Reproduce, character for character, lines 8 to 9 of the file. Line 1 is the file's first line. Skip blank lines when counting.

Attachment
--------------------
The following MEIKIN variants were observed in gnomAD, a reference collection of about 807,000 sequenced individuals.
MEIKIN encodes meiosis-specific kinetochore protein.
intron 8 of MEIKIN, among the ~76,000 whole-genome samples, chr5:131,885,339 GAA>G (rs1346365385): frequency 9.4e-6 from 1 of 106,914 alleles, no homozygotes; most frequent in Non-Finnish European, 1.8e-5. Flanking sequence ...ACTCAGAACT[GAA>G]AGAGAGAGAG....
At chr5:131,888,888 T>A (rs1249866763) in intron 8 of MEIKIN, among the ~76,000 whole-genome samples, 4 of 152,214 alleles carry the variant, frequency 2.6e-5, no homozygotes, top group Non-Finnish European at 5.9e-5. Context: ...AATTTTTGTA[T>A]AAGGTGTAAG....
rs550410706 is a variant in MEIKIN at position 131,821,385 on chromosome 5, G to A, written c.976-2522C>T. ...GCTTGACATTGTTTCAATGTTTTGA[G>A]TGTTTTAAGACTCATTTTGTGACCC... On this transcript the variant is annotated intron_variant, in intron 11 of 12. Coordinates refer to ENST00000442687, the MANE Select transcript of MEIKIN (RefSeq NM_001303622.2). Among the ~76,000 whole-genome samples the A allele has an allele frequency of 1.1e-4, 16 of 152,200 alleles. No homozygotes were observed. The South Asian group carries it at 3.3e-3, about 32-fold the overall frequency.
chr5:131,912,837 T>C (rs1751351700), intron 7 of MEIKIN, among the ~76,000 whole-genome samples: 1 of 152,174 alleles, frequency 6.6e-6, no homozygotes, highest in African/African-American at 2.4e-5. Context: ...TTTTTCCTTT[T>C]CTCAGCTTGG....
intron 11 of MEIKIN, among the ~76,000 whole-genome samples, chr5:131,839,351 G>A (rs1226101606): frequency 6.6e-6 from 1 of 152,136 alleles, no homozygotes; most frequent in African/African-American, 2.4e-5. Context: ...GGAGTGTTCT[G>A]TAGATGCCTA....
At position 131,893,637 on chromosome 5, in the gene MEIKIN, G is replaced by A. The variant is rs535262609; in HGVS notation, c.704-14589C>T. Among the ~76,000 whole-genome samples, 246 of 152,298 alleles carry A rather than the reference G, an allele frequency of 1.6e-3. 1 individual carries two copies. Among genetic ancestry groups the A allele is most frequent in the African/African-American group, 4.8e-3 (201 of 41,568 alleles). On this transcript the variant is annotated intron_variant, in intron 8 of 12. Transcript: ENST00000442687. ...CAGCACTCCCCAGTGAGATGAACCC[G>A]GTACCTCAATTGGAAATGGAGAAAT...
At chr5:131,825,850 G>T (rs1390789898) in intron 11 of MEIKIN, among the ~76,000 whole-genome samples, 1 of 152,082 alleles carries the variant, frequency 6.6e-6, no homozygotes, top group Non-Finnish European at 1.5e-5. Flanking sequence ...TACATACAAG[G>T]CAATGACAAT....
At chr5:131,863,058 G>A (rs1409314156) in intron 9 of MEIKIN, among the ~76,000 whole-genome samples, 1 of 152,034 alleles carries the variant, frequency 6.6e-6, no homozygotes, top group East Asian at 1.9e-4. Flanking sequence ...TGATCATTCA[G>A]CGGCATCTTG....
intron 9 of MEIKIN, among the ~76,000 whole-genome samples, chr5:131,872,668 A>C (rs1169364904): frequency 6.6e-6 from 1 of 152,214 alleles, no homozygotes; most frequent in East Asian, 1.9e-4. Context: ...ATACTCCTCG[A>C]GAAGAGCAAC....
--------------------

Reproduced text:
At position 131,893,637 on chromosome 5, in the gene MEIKIN, G is replaced by A. The variant is rs535262609; in HGVS notation, c.704-14589C>T. Among the ~76,000 whole-genome samples, 246 of 152,298 alleles carry A rather than the reference G, an allele frequency of 1.6e-3. 1 individual carries two copies. Among genetic ancestry groups the A allele is most frequent in the African/African-American group, 4.8e-3 (201 of 41,568 alleles). On this transcript the variant is annotated intron_variant, in intron 8 of 12. Transcript: ENST00000442687. ...CAGCACTCCCCAGTGAGATGAACCC[G>A]GTACCTCAATTGGAAATGGAGAAAT...
At chr5:131,825,850 G>T (rs1390789898) in intron 11 of MEIKIN, among the ~76,000 whole-genome samples, 1 of 152,082 alleles carries the variant, frequency 6.6e-6, no homozygotes, top group Non-Finnish European at 1.5e-5. Flanking sequence ...TACATACAAG[G>T]CAATGACAAT....